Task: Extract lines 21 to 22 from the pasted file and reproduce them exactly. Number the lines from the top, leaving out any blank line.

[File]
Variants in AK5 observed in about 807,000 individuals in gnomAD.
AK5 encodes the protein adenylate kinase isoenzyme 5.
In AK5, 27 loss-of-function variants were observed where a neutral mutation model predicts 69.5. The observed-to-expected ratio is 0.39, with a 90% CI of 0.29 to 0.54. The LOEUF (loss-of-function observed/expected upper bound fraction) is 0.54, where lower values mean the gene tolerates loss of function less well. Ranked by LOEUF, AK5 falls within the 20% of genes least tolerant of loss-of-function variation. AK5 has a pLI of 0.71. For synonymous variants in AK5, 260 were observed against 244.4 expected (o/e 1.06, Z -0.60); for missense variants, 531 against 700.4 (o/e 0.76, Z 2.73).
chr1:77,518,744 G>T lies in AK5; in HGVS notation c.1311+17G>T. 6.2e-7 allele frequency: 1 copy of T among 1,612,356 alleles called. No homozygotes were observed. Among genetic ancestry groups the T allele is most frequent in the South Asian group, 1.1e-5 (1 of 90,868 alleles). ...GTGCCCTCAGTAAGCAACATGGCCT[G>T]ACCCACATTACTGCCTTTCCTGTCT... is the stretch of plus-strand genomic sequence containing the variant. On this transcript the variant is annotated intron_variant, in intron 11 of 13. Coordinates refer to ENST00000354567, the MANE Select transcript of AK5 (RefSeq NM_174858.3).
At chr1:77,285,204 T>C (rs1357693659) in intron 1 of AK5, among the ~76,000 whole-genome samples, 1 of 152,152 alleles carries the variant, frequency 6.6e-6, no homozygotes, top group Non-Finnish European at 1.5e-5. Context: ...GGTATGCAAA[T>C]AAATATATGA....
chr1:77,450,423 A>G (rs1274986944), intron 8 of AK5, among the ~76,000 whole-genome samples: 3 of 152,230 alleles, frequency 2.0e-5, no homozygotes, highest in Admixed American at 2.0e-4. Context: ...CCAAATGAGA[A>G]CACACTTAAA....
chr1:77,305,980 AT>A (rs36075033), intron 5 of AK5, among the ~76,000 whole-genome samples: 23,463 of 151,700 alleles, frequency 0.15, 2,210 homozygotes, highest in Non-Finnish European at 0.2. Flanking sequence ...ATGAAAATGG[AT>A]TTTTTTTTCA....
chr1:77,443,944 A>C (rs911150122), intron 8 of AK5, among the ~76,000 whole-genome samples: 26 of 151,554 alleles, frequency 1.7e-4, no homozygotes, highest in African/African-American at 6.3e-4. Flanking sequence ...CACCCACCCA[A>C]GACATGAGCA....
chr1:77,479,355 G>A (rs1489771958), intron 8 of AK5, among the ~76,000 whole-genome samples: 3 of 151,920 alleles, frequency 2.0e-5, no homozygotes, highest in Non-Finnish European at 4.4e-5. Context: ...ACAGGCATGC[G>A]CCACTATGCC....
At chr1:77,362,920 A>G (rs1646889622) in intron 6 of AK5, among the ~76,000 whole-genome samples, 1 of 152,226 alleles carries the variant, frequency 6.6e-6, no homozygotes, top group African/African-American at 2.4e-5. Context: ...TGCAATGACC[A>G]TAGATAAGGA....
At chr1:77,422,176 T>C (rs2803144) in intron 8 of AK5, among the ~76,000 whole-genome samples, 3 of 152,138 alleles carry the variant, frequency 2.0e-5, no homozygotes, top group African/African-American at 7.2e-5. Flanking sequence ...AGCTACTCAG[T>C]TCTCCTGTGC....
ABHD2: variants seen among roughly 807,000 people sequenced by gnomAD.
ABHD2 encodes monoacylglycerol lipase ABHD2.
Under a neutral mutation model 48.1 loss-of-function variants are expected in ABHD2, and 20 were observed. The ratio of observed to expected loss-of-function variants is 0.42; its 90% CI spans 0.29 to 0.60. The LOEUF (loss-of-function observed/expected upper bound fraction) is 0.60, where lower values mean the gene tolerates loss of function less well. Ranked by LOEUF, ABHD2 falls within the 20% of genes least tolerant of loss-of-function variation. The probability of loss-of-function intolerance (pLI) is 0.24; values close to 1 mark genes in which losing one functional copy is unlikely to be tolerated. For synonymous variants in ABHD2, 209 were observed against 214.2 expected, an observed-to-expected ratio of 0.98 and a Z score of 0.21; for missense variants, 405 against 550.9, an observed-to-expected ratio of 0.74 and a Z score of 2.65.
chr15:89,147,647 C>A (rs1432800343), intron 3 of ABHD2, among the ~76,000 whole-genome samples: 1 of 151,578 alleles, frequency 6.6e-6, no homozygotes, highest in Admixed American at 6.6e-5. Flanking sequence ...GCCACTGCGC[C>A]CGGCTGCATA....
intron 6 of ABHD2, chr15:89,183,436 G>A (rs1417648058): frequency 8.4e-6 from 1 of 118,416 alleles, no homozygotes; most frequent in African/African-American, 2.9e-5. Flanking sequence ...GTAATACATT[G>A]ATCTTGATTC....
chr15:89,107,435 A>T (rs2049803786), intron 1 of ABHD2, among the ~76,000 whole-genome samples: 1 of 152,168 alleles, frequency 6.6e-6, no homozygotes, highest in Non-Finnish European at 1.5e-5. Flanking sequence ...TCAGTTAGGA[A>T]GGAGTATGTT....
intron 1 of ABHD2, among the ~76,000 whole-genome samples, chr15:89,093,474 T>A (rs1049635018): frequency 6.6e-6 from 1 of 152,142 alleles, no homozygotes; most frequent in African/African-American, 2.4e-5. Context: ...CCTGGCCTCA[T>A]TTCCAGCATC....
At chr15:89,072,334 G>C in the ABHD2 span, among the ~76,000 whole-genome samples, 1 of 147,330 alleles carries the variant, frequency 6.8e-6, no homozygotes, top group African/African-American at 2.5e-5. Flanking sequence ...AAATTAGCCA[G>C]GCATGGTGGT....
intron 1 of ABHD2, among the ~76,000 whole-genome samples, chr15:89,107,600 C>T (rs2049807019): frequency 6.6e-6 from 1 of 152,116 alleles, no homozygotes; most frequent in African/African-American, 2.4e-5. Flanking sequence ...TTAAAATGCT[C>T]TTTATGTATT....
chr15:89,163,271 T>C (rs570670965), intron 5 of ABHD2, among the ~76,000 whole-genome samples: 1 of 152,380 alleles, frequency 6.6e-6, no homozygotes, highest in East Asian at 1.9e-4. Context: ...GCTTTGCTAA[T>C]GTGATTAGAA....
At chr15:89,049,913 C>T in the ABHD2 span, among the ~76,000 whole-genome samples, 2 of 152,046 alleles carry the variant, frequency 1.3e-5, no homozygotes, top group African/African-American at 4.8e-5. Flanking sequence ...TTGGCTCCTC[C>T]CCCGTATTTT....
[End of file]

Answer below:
chr15:89,163,271 T>C (rs570670965), intron 5 of ABHD2, among the ~76,000 whole-genome samples: 1 of 152,380 alleles, frequency 6.6e-6, no homozygotes, highest in East Asian at 1.9e-4. Context: ...GCTTTGCTAA[T>C]GTGATTAGAA....
At chr15:89,049,913 C>T in the ABHD2 span, among the ~76,000 whole-genome samples, 2 of 152,046 alleles carry the variant, frequency 1.3e-5, no homozygotes, top group African/African-American at 4.8e-5. Flanking sequence ...TTGGCTCCTC[C>T]CCCGTATTTT....